About The Buzz: Can Olive Oil or Nuts Prevent Cardiovascular Disease?

TheBUZZ Can olive oil or nuts prevent cardiovascular disease?


Eating a Mediterranean Diet, high in either olive oil or nuts, may reduce the risk of having a stroke or heart attack or dying of cardiovascular causes.


A Mediterranean Diet is characterized by high consumption of olive oil, fruits and vegetables, nuts, whole grains, moderate fish and poultry intake, and low intake of dairy, red meat, and added sugars. A number of epidemiological studies indicate that high adherence to a Mediterranean Diet is associated with reduced risk of cardiovascular disease (CVD).1,2 Further, smaller studies have determined the mechanisms by which a Mediterranean Diet may benefit the cardiovascular system, such as reducing inflammation, reducing blood pressure and blood glucose, and improving blood lipids.3,4 However, no randomized-controlled trials have examined whether or not a Mediterranean Diet can specifically prevent cardiovascular events like heart attack or stroke or CVD mortality.


In a randomized-controlled trial called the PREDIMED (Prevention with a Mediterranean Diet) study, 7,447 Spanish adults (55-80 years of age) at risk for CVD were randomized to either a Mediterranean Diet emphasizing extra-virgin olive oil, a Mediterranean Diet emphasizing nuts, or a low-fat diet.5 Those in the olive oil group were provided with ~4 tbsp of extra-virgin olive oil to consume each day, whereas those in the nut group were provided with one serving (~30 g) of almonds, walnuts, or hazelnuts to eat everyday. After approximately 5 years of follow-up, the study was stopped due to the cardiovascular benefit observed in those randomized to either of the Mediterranean Diet groups, making it unethical to continue the intervention for those in the low-fat group. Indeed, risk of heart attack, stroke, or dying from CVD was approximately 30% lower in either of the Mediterranean Diet groups compared with the low-fat group.


This study is particularly important and provides stronger evidence for the benefits of a Mediterranean Diet compared with previous studies because cardiovascular outcomes were evaluated instead of just risk factors for CVD like blood lipids, blood pressure, and inflammation. Additionally, the study is strengthened by its design wherein participants were assigned to a dietary intervention instead of simply trying to recall what they eat, a dietary evaluation technique that is subject to bias and error. The results from this study are also particularly striking when considering the dietary changes made in each group. The low-fat group only reduced fat intake by 2% (from 39% in the beginning to 37% at the end of the study) and all groups increased their intake of fruits and vegetables. The supplemental foods (olive oil or nuts) were responsible for the greatest differences in diet between the Mediterranean Diet and the low-fat groups, suggesting that the reduction in CVD risk may be attributable to nut and olive oil intake. The benefits of olive oil and/or nuts are likely due to their nutrient profiles. Both olive oil and nuts contain beneficial fats and polyphenols that act as antioxidants and anti-inflammatory agents, which protect the heart and blood vessels.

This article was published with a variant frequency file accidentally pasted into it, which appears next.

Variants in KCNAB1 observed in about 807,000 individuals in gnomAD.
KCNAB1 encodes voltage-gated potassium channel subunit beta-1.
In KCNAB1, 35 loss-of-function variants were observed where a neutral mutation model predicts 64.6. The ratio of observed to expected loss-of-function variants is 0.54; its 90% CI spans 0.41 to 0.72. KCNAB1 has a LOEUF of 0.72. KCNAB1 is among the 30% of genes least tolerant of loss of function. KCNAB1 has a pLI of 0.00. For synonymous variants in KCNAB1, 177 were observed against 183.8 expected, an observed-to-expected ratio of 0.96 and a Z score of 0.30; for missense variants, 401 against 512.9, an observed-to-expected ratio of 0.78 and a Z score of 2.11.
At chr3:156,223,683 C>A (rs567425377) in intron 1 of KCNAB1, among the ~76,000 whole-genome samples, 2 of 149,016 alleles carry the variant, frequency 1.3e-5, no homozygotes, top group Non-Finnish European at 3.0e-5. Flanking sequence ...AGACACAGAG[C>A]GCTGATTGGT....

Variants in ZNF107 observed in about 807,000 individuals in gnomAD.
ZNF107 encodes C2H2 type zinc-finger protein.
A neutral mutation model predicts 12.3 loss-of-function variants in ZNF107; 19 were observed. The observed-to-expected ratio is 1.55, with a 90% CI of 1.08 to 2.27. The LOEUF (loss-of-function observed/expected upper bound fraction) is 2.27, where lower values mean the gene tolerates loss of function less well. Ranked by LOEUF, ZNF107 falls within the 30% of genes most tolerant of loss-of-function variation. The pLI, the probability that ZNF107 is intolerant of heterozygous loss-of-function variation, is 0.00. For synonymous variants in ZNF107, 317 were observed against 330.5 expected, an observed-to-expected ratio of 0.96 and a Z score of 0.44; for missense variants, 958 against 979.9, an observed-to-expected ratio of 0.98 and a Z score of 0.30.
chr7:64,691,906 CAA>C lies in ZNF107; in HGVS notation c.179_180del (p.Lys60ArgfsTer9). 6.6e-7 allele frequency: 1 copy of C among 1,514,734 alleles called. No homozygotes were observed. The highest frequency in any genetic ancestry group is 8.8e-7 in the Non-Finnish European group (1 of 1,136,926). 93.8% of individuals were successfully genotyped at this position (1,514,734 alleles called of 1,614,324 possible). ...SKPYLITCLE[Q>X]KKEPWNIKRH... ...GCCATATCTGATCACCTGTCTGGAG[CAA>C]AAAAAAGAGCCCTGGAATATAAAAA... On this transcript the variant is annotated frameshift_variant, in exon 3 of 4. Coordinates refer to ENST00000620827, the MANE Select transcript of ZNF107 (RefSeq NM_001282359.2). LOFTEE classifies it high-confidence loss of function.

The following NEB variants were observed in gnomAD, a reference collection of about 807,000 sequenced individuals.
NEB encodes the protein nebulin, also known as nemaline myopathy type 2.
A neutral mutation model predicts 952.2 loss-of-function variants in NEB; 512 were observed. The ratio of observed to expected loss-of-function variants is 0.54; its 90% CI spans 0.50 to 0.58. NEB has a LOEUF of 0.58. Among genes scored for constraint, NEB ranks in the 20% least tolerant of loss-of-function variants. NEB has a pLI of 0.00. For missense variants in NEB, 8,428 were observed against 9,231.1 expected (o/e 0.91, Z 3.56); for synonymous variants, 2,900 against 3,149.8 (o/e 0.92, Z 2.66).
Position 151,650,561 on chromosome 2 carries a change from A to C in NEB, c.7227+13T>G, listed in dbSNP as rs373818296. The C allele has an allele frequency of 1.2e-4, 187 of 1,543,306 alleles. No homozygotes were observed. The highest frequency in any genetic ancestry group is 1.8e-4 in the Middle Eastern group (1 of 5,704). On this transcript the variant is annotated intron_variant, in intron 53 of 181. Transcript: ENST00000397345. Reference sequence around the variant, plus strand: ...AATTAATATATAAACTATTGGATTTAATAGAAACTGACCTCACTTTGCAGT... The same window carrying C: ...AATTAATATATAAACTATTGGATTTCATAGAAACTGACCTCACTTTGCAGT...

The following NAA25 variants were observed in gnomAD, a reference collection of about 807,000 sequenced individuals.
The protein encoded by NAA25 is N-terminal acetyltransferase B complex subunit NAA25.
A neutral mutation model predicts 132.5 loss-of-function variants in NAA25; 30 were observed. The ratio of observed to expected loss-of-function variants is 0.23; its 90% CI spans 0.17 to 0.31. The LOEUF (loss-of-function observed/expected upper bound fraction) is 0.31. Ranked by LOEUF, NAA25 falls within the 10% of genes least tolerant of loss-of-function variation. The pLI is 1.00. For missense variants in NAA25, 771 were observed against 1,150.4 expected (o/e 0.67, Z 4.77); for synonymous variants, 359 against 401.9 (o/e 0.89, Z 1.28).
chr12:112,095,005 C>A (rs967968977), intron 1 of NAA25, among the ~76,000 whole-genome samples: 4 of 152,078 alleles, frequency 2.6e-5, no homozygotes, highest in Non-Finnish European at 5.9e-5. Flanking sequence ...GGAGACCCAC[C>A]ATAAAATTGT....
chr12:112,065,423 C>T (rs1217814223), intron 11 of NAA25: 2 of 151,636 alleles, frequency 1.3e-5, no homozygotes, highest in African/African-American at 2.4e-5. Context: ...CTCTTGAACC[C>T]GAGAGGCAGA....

The results from this study indicate that following a Mediterranean Diet high in either nuts or olive oil significantly reduces the risk of developing CVD. We recommend incorporating nuts and olive oil into your daily diet. Check out our Top Ten Ways to Enjoy Nuts for some ideas! But remember that nuts and oils can spoil and go rancid over time, so be sure to store them properly. Buy nuts in small quantities and/or store them in the refrigerator or freezer. Most nuts will last for six months in the refrigerator or for up to a year in the freezer. To protect your olive oil from spoiling, store it in a tinted glass or plastic bottle in a cool, dark place for up to two months.


1 Sofi F, et al. Accruing evidence on benefits of adherence to the Mediterranean diet on health: an updated systematic review and meta-analysis. Am J Clin Nutr (2010) 92: 1189-96.
2 Serra-Majem L, et al. Scientific evidence of interventions using the Mediterranean diet: a systematic review. Nutr Rev (2006) 64:S27-S47
3 Esposito K, et al. Effect of a Mediterranean-style diet on endothelial dysfunction and markers of vascular inflammation in the metabolic syndrome: a randomized trial. JAMA (2004) 292:1440-6.
4 Estruch R, et al. Effects of a Mediterranean-style diet on cardiovascular risk factors: a randomized trial. Ann Intern Med (2006) 145:1-11.
5 Estruch R, et al. Primary prevention of cardiovascular disease with a Mediterranean diet. N Eng J Med (2013) 368:1279-90. View

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